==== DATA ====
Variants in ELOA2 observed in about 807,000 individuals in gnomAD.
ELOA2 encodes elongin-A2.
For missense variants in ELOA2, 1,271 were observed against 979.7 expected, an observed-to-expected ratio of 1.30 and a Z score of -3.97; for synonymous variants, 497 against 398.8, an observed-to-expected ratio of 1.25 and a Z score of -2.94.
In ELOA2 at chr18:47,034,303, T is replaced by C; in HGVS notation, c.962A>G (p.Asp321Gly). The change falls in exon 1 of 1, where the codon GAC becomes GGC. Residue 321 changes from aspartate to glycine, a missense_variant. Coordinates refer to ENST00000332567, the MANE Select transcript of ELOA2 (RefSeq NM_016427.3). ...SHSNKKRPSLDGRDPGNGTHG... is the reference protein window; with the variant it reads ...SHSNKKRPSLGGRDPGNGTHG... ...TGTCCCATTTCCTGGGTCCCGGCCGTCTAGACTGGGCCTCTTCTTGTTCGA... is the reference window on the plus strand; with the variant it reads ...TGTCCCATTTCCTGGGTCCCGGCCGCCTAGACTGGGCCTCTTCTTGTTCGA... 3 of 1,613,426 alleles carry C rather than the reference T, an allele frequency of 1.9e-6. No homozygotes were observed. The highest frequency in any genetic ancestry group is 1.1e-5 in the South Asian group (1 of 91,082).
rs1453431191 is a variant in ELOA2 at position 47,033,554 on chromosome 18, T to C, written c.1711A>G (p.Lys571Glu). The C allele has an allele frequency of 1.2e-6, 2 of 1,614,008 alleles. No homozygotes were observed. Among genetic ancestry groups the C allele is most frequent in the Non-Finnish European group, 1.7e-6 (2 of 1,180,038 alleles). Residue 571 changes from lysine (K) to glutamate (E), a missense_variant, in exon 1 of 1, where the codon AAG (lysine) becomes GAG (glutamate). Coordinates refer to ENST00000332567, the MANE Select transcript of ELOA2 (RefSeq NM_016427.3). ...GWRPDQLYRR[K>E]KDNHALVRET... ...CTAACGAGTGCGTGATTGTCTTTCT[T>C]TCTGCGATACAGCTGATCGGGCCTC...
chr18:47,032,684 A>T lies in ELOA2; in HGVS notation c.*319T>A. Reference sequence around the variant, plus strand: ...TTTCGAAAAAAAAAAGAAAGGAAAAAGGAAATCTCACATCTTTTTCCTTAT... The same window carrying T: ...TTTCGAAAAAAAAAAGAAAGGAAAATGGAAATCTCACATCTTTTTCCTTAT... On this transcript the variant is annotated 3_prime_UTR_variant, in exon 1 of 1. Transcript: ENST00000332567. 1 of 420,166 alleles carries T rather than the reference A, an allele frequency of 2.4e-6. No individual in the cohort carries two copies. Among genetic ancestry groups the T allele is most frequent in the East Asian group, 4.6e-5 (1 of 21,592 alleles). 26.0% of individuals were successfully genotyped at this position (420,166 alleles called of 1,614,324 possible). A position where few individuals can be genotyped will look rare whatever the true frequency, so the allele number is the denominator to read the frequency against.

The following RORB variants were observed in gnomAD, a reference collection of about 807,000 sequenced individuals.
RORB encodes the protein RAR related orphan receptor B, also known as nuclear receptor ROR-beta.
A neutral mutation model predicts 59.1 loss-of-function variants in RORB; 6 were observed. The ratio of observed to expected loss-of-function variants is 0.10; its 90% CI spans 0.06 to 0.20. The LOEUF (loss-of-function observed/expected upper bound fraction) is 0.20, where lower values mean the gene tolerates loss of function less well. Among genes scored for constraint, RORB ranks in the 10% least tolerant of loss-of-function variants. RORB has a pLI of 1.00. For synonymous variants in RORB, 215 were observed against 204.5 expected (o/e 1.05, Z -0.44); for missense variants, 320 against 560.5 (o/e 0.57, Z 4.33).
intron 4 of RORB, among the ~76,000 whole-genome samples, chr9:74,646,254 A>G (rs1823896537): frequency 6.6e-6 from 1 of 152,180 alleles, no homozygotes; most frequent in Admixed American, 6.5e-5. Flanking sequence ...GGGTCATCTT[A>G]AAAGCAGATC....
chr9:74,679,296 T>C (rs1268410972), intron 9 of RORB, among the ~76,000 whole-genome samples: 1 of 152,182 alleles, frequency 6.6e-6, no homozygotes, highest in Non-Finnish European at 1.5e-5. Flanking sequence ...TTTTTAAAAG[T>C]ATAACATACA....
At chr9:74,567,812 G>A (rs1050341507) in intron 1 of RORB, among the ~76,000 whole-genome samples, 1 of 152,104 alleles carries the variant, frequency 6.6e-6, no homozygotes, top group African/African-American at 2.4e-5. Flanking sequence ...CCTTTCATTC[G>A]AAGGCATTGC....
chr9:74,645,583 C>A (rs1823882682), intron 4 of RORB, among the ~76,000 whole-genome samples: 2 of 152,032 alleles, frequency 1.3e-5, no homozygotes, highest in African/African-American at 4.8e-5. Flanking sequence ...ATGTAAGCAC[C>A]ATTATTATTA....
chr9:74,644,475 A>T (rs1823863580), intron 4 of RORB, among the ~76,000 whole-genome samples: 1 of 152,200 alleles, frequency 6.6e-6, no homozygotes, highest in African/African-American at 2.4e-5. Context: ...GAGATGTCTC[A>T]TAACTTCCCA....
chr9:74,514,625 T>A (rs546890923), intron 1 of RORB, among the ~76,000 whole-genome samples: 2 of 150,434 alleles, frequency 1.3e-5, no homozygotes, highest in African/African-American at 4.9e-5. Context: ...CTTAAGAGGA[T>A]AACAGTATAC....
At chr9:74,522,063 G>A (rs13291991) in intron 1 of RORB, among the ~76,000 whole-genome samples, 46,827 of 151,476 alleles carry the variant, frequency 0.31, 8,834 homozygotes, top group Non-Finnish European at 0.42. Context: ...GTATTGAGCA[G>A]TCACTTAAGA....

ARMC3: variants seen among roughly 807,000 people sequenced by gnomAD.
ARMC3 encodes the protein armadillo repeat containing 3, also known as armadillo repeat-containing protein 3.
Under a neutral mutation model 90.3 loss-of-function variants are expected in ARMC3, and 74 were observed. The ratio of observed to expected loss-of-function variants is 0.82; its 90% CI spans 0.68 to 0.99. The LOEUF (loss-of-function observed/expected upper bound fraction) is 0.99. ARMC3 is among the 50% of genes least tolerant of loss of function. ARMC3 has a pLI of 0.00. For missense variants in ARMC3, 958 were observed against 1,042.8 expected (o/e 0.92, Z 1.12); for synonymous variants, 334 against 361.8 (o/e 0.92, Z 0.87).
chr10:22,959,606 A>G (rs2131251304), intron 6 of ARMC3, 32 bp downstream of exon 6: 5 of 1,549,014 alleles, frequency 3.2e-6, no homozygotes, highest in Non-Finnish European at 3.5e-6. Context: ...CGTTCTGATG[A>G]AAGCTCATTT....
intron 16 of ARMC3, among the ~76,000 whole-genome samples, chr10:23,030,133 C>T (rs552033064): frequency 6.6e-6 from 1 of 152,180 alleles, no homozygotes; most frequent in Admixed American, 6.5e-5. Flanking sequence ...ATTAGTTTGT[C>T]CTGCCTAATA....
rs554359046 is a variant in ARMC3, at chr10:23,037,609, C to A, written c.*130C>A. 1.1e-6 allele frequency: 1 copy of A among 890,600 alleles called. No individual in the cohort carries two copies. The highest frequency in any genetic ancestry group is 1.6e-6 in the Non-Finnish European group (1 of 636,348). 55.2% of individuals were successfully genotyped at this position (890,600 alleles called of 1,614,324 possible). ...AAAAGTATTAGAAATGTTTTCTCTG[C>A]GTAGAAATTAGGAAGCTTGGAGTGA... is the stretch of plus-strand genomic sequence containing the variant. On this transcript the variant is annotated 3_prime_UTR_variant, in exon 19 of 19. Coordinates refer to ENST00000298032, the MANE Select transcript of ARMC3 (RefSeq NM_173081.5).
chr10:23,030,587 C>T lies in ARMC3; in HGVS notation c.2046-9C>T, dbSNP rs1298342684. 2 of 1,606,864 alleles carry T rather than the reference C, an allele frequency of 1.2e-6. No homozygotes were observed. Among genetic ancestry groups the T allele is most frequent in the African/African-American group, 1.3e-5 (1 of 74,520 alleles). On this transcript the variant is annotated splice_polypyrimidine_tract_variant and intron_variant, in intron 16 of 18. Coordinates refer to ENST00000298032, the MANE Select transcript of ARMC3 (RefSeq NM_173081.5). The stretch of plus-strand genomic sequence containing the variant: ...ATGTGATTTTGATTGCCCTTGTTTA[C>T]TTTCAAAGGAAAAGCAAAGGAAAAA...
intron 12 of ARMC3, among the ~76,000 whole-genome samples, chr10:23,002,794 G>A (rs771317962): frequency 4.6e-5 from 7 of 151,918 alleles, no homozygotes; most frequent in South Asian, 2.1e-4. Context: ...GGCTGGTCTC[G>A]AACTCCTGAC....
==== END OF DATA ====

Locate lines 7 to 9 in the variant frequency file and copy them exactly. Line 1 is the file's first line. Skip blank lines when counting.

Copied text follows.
The following RORB variants were observed in gnomAD, a reference collection of about 807,000 sequenced individuals.
RORB encodes the protein RAR related orphan receptor B, also known as nuclear receptor ROR-beta.
A neutral mutation model predicts 59.1 loss-of-function variants in RORB; 6 were observed. The ratio of observed to expected loss-of-function variants is 0.10; its 90% CI spans 0.06 to 0.20. The LOEUF (loss-of-function observed/expected upper bound fraction) is 0.20, where lower values mean the gene tolerates loss of function less well. Among genes scored for constraint, RORB ranks in the 10% least tolerant of loss-of-function variants. RORB has a pLI of 1.00. For synonymous variants in RORB, 215 were observed against 204.5 expected (o/e 1.05, Z -0.44); for missense variants, 320 against 560.5 (o/e 0.57, Z 4.33).